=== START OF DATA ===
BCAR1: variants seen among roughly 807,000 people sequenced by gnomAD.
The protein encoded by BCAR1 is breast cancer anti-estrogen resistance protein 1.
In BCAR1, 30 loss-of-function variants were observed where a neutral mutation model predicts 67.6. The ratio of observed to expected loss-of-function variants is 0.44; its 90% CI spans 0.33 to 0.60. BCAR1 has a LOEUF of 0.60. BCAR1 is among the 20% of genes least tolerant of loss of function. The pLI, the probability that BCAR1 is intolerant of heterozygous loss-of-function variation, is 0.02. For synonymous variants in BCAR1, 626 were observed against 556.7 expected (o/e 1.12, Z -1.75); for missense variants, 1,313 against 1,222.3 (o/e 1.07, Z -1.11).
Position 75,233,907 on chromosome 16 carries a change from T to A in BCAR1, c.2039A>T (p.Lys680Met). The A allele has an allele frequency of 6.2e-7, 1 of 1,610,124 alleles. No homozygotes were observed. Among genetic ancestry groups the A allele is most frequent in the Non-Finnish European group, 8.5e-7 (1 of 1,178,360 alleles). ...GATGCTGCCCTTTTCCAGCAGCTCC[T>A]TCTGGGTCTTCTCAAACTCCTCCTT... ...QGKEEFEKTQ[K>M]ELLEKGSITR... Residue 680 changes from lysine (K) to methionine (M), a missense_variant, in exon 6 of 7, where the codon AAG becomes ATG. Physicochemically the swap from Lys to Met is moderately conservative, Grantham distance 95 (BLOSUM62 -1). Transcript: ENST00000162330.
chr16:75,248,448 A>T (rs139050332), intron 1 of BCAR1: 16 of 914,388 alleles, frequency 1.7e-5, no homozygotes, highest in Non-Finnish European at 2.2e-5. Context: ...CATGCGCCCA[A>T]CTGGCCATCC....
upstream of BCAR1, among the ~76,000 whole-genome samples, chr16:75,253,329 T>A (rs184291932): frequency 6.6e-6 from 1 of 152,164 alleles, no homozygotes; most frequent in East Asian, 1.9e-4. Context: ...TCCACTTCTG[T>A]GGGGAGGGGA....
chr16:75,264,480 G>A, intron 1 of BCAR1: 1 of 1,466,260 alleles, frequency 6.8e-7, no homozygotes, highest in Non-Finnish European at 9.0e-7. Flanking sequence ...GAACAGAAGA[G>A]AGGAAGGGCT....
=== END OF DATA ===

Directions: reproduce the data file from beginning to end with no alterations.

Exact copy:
BCAR1: variants seen among roughly 807,000 people sequenced by gnomAD.
The protein encoded by BCAR1 is breast cancer anti-estrogen resistance protein 1.
In BCAR1, 30 loss-of-function variants were observed where a neutral mutation model predicts 67.6. The ratio of observed to expected loss-of-function variants is 0.44; its 90% CI spans 0.33 to 0.60. BCAR1 has a LOEUF of 0.60. BCAR1 is among the 20% of genes least tolerant of loss of function. The pLI, the probability that BCAR1 is intolerant of heterozygous loss-of-function variation, is 0.02. For synonymous variants in BCAR1, 626 were observed against 556.7 expected (o/e 1.12, Z -1.75); for missense variants, 1,313 against 1,222.3 (o/e 1.07, Z -1.11).
Position 75,233,907 on chromosome 16 carries a change from T to A in BCAR1, c.2039A>T (p.Lys680Met). The A allele has an allele frequency of 6.2e-7, 1 of 1,610,124 alleles. No homozygotes were observed. Among genetic ancestry groups the A allele is most frequent in the Non-Finnish European group, 8.5e-7 (1 of 1,178,360 alleles). ...GATGCTGCCCTTTTCCAGCAGCTCC[T>A]TCTGGGTCTTCTCAAACTCCTCCTT... ...QGKEEFEKTQ[K>M]ELLEKGSITR... Residue 680 changes from lysine (K) to methionine (M), a missense_variant, in exon 6 of 7, where the codon AAG becomes ATG. Physicochemically the swap from Lys to Met is moderately conservative, Grantham distance 95 (BLOSUM62 -1). Transcript: ENST00000162330.
chr16:75,248,448 A>T (rs139050332), intron 1 of BCAR1: 16 of 914,388 alleles, frequency 1.7e-5, no homozygotes, highest in Non-Finnish European at 2.2e-5. Context: ...CATGCGCCCA[A>T]CTGGCCATCC....
upstream of BCAR1, among the ~76,000 whole-genome samples, chr16:75,253,329 T>A (rs184291932): frequency 6.6e-6 from 1 of 152,164 alleles, no homozygotes; most frequent in East Asian, 1.9e-4. Context: ...TCCACTTCTG[T>A]GGGGAGGGGA....
chr16:75,264,480 G>A, intron 1 of BCAR1: 1 of 1,466,260 alleles, frequency 6.8e-7, no homozygotes, highest in Non-Finnish European at 9.0e-7. Flanking sequence ...GAACAGAAGA[G>A]AGGAAGGGCT....